Why do some skin cancers grow so large?

In some cases, the disease is more common than people think.

A recent study found that of more than 200 people with melanoma in England, half were found to have a very large abscess or abscess-like lesion.

This was even more common in the West Midlands and South East.

This is thought to be due to the fact that skin is more permeable and less resistant to infection.

It’s not the only type of skin cancer that grows in large quantities.

Others include skin cancers of the pancreas, liver and kidney, but it is the most common.

What causes it?

There are a number of possible causes.

There is evidence that the common bacteria living in the human gut, Candida, can cause skin cancer.

In a recent study, researchers in Sweden found that when Candida bacteria were isolated from human skin samples, they caused a 40 per cent increase in tumours.

A similar study from France found that Candida causes skin cancers in more than half of patients.

Another theory suggests that Candidiasis is caused by a fungus called Fusarium oxysporum.

This fungus is found in the mouth and can cause the condition Candidactylos.

Other fungi are also suspected.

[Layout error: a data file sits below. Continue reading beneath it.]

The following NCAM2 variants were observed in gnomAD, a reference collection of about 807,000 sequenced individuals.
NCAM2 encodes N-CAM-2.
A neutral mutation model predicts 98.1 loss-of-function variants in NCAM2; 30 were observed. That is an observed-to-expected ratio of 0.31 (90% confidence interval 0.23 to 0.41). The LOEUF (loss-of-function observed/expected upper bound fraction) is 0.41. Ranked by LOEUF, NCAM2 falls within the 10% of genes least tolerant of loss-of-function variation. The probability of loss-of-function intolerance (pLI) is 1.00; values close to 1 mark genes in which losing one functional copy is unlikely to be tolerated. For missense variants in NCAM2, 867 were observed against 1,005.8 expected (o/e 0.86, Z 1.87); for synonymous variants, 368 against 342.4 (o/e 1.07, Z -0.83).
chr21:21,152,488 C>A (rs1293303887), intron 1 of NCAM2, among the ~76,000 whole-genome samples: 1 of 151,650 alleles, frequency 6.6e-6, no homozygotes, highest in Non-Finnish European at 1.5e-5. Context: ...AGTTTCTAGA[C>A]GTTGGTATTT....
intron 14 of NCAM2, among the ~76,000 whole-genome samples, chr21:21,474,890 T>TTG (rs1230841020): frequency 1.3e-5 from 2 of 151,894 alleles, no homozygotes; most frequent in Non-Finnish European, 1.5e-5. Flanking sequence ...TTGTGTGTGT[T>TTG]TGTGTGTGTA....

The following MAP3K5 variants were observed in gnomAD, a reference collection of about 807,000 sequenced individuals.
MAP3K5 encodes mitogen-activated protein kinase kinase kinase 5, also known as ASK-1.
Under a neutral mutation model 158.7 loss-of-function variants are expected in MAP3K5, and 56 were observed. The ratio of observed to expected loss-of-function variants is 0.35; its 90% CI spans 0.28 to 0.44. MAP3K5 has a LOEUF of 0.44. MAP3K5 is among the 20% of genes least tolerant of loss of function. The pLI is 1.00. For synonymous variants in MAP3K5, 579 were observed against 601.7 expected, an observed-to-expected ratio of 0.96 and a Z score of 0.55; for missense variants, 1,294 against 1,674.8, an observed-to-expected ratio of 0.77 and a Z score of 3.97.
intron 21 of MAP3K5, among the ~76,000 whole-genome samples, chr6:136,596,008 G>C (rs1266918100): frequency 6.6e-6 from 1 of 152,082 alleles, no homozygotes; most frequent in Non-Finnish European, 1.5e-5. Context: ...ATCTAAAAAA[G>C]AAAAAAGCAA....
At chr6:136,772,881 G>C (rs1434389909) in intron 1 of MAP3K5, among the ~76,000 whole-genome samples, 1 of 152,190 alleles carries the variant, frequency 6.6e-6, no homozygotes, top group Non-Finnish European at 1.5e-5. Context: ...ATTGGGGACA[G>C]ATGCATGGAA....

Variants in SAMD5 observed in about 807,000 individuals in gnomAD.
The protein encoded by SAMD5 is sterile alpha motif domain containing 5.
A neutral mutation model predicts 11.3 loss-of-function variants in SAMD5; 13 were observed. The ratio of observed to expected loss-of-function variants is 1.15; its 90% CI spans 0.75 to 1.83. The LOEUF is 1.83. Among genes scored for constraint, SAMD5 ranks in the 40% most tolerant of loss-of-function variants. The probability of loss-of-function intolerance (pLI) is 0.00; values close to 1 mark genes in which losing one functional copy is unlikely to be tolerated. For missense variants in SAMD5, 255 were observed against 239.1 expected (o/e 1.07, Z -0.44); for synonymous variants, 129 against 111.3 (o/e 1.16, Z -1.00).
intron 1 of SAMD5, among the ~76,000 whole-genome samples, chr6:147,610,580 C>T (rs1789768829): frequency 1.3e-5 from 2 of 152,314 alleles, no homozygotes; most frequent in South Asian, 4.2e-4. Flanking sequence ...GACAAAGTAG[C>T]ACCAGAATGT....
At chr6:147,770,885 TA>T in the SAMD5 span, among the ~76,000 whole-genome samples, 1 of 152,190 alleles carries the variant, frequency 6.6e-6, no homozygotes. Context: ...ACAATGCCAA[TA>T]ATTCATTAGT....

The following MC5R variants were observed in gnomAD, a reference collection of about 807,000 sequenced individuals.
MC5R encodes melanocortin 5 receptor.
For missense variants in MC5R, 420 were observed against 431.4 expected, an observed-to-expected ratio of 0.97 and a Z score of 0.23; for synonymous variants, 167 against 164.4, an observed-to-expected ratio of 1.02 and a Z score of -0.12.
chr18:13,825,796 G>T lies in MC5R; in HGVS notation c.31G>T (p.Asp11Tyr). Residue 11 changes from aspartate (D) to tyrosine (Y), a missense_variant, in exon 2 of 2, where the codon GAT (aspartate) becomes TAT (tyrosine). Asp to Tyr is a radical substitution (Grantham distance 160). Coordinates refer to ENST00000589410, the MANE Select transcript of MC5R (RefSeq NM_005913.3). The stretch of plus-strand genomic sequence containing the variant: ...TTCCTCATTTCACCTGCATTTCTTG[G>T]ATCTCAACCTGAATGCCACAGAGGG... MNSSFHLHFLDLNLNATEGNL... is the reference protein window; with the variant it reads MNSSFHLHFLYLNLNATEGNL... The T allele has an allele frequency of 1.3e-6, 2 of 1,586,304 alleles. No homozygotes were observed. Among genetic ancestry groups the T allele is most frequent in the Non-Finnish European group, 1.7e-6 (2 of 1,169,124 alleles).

This may be because the fungi are more likely to cause fungal infections in humans than in other animals, such as rabbits.

Other common causes of skin tumours include skin infections, trauma and smoking.

Another possible cause is that some people with skin cancers develop them later on.

The tumours may not appear until after a person has died of cancer.

These tumours often develop in the bone or in the fat of the head and neck.

Some tumours are so large they form a scar on the face.

This scar can take months to heal.

There may also be a secondary tumour in the upper arm, neck or breast, which is caused when a skin lesion is allowed to grow over it.

What are the symptoms?

As with most other skin cancers, it is not always easy to diagnose.

It is important to keep checking your skin regularly to make sure there is no sign of any other infections, such a abscess.

If you notice any unusual growths or other changes, ask your GP or dermatologist for an examination.

Some of the more common symptoms of skin cancers include: red, swollen, tender skin